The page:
Peter Buxton was born in Wimbledon, South London, and educated at Bradford College, Reading, before going up to the University of Cambridge. He undertook his clinical studies at the Middlesex Hospital and after qualification he was house physician at the hospital until 1943 when he joined the RAF and served as a medical officer until 1946.
After obtaining his membership of the College in 1949, Peter married Aline Kennedy, a staff nurse at the Middlesex Hospital, and they subsequently had five children. Tragically, within one year, they lost their son Ian in a car accident at the age of 25 and a daughter, Juliet aged 21, from a virus infection. They bore their loss with courage and dignity, well fortified by a strong philosophy of life and a deep religious faith.
On cessation of hostilities he returned to the Middlesex and worked as medical registrar and senior medical registrar until 1954. He was then senior neurological registrar at the same hospital. He was appointed Bland-Sutton Institute lecturer in pathology at the Middlesex from 1955 to 1958 and registrar at the Maida Vale Hospital for Nervous Diseases from 1958 to 1960. He was then appointed as the first consultant neuropathologist to the newly established department of medical and surgical neurology at Walton Hospital, Liverpool.
There was a well established department of neurosurgery at the Walton but at the time of Peter’s appointment the first consultant appointments in neuroradiology and neurology were also made and a specifically designed building planned. Peter played a major part in formulating these plans, especially for the neuropathology department, but prior to the opening of the new building in 1972 he had to make the best of working in very old and inadequate premises. He took his fair share of running the new department and served a term as chairman of the divisional committee. The new departments had to be built up from scratch, both as regards equipment and staff, and this Peter did very successfully. The door of his own laboratory was always left open and he was always ready with helpful and willing advice. He established a happy and efficient department which was later named the Buxton Laboratory in his honour. He had a special interest in diseases of muscle and performed any necessary muscle biopsies himself. He also wrote papers on the subject. He was a member and later president of the British Neuropathology Society and served a term as chairman of the North of England Neurological Association.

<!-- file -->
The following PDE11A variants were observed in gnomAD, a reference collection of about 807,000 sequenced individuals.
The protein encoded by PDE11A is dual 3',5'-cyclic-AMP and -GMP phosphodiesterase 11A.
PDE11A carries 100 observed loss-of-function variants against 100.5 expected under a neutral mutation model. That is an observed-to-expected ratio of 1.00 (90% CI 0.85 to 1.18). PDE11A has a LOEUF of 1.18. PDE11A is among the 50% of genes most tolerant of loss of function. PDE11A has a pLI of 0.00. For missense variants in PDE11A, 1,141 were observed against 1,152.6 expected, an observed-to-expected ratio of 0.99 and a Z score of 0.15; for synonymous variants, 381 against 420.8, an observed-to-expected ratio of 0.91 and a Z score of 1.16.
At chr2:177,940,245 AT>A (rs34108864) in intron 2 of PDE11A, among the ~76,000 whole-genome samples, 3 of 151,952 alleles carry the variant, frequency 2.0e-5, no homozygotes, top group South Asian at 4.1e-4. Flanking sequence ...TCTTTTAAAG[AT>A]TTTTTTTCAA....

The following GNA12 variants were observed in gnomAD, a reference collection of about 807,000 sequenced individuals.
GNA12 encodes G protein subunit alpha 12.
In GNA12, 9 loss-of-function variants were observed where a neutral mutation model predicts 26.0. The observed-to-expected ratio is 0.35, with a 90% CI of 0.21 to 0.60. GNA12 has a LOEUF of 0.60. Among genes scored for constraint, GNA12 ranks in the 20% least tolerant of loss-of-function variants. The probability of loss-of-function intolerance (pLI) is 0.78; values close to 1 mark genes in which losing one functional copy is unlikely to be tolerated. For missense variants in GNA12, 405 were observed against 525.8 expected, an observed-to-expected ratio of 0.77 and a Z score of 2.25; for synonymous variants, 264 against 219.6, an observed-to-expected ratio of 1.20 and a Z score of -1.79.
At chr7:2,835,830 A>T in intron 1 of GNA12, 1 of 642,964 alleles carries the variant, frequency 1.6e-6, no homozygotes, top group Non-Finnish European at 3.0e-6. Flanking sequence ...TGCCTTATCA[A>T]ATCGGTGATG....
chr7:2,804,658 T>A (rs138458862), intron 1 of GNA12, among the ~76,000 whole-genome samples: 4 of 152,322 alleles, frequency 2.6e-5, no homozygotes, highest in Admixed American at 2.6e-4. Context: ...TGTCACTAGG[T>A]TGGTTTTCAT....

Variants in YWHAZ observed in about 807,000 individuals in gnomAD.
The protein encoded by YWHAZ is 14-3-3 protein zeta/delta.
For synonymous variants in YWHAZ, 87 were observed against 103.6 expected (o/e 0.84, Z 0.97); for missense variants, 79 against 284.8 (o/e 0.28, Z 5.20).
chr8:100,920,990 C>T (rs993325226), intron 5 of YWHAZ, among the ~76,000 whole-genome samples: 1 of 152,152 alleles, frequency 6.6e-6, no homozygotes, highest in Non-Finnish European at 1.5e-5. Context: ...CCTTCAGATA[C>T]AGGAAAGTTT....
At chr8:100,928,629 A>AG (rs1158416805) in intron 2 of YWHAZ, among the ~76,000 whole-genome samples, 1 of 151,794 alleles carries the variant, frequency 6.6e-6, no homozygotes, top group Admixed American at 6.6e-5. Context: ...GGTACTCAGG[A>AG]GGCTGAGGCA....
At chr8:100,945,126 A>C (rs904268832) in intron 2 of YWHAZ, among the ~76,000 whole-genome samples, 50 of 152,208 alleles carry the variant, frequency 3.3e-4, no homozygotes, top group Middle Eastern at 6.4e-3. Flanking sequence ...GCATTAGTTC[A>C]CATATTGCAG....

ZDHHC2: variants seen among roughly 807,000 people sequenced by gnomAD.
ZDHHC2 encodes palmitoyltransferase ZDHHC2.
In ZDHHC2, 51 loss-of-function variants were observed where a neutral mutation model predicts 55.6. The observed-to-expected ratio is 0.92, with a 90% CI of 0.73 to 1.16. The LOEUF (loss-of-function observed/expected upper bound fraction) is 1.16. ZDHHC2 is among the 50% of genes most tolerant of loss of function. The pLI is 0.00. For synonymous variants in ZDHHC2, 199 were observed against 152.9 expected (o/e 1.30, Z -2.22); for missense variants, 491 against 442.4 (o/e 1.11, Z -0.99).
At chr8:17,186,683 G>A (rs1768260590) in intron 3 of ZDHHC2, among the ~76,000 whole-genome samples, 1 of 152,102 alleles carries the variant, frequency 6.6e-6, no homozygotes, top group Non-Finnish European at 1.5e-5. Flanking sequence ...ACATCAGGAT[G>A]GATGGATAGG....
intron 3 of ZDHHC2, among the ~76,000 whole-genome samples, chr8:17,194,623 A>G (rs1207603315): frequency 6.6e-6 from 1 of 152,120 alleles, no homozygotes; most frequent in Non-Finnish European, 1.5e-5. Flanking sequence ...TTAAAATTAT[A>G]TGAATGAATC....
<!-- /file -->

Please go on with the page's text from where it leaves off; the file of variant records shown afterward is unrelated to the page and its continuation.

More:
Apart from his family, Peter had two great pleasures in life. One was music. He learnt to play the piano and the organ at school and continued to play for the rest of his life - especially the piano. He and his wife, who also played the organ, regularly attended concerts of the Royal Liverpool Philharmonic Orchestra. His other joy was gardening. He had a large garden and grew a wide variety of trees, shrubs and vegetables, and could often be found in his greenhouse. He was an enthusiastic supporter of the Liverpool University Botanic Gardens at Ness, near his home. He not only attended the lectures and functions but also found time each week to help with the upkeep of the gardens. He was a practical man who had the skill to completely rewire his house and he also had an interest in repairing clocks.
Peter Buxton was conscientious, dedicated to his work and a loyal colleague. He had a logical and calm personality and a great sense of humour. He loved children and they loved him, had many friends, was devoted to his wife and family, and left behind him many happy memories.
K H Slatter